Iceberg Alley: Accessible Vistas To View Glacial Giants

The term iceberg most likely originates from the Dutch term “ijsberg”, which means “ice mountain”. With 29,000 kilometers (18,020 miles) of spectacular coastline, it is not difficult to encounter these magnificent 10,000 year old relics from many points along NL’s northern and eastern coasts.

It may also come as a surprise, but not all icebergs are snow white, many come in aquamarine color shades as varying as their shapes and sizes. Growing up in NL, I spent many summer days hiking the hills of Signal Hill and encountering these majestic chunks of ice, a truly awe inspiring and humbling experience.

Coastline of Newfoundland and Labrador with large icebergA couple of Newfoundlanders looking at icebergs passing byNewfoundland and Labrador very big iceberg off coastline


Origins

90% of icebergs seen off NL’s coastline originate from the West Greenland glaciers, with the remaining 10% arriving from Canada’s arctic glacial islands.

major north atlantic ocean currents


Sizes

Arctic icebergs vary in size ranging from a large piano called ‘growlers’ to the dimensions of a 10-story building (greater than 10 million tonnes). Icebergs about the size of a small house are called ‘bergy bits’.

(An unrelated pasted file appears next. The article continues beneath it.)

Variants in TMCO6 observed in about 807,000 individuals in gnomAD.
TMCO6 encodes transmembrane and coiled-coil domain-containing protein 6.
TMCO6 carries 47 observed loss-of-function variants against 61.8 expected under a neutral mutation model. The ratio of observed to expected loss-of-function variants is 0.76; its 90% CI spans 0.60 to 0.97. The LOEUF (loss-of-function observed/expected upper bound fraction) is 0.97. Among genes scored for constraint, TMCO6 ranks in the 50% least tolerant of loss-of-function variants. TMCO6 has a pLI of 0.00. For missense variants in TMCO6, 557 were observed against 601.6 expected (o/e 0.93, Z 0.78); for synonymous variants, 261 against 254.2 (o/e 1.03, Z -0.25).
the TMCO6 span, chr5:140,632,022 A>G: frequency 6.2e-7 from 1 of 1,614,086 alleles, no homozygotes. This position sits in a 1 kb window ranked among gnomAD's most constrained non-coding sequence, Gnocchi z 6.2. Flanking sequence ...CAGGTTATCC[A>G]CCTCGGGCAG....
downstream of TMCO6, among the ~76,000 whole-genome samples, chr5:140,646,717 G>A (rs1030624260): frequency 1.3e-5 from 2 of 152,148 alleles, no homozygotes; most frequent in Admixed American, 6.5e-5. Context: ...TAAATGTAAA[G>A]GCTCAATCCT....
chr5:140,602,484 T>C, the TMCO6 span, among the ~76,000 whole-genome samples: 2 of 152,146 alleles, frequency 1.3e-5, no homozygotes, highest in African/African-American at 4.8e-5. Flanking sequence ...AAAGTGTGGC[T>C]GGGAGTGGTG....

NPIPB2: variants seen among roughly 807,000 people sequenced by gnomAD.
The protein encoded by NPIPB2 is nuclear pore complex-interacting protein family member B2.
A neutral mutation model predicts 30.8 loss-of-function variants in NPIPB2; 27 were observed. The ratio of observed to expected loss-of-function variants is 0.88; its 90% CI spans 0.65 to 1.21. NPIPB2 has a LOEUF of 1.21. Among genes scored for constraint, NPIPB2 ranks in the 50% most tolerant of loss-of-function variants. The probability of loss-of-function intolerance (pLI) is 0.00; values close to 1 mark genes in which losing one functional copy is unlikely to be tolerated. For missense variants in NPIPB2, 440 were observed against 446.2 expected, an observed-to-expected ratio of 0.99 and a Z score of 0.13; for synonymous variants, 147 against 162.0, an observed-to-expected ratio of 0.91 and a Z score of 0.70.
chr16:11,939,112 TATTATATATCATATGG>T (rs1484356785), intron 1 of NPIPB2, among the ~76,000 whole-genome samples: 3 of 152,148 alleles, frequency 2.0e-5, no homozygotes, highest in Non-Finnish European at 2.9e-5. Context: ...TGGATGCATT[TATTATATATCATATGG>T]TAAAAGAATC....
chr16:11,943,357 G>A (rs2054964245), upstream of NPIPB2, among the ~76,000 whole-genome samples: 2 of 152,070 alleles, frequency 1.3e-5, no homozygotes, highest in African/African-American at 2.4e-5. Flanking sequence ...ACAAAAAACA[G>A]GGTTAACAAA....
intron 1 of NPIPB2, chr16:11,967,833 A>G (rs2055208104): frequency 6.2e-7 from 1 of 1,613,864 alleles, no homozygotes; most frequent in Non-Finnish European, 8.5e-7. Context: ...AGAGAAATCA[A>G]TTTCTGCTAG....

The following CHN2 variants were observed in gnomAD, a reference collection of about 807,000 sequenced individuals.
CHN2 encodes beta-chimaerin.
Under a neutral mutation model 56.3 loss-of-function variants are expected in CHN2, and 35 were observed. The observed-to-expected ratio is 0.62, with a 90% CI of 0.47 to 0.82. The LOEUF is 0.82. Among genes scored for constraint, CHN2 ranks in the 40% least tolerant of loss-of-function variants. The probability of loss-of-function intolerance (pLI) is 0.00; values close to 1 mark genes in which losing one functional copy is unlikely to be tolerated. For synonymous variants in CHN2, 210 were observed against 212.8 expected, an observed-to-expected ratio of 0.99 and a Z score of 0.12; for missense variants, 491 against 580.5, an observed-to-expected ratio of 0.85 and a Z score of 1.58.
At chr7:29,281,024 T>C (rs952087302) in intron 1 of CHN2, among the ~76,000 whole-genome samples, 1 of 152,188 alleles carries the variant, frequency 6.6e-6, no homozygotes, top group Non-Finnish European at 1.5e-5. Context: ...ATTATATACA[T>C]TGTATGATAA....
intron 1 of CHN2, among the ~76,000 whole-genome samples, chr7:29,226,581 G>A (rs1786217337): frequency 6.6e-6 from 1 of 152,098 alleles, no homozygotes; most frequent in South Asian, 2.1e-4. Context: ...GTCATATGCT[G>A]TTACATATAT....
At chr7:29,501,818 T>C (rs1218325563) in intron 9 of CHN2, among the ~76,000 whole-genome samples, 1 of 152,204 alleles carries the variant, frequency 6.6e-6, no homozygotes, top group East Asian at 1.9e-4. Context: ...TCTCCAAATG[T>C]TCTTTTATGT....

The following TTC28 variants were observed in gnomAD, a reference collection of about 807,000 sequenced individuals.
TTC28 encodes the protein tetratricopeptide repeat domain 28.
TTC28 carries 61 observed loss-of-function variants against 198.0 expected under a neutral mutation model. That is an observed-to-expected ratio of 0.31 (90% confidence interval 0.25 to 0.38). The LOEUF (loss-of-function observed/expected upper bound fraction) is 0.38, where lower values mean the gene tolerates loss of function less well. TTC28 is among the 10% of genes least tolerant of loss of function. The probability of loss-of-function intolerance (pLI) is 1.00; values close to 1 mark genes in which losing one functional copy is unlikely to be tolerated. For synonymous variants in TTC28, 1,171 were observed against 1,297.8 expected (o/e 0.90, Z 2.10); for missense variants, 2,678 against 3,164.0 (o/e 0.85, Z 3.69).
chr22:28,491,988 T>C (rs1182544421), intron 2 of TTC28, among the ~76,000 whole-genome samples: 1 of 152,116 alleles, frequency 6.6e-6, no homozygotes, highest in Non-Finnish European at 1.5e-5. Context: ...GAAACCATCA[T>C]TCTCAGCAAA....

iceberg size classification


Movement

Icebergs are carried along NL’s shores by the Labrador Current at an average drift speed of 0.7 kilometers (0.4 miles)/hour. However, speeds greater than 3.6 kilometers (2.2 miles)/hour have been documented. They are among the fastest moving bergs in the world.

Each year, roughly 40,000 medium to large sized icebergs break off or ‘calve’ with 400-800 reaching as far south as St. John’s. Unfortunately, for the Titanic, her maiden voyage was on a doomed collision course at the very tail end of treacherous iceberg alley, some 640 kilometers (398 miles) east of Newfoundland. Today, icebergs continue to pose a threat, not to vessels given advances in nautical science, but to oil and gas platforms situated off Newfoundland.


Best Times To View

In Labrador, peak iceberg season runs between April and July, and in Newfoundland, between early/mid-May to late June/early July. These time-frames vary due to environmental conditions.


Ideal Vantage Points

The ideal NL spots for viewing icebergs are ‘around da bay’ (a colloquial term for rural NL). At these locales, you will most certainly be mesmerized by the daunting beauty of icebergs, all the while soaking up true NL outport hospitality amidst quaint, charming towns, villages, and coves.

Check out Iceberg Finder, a real-time tracker of bergs along NL’s coast.

boat tour in Labrador chasing iceberg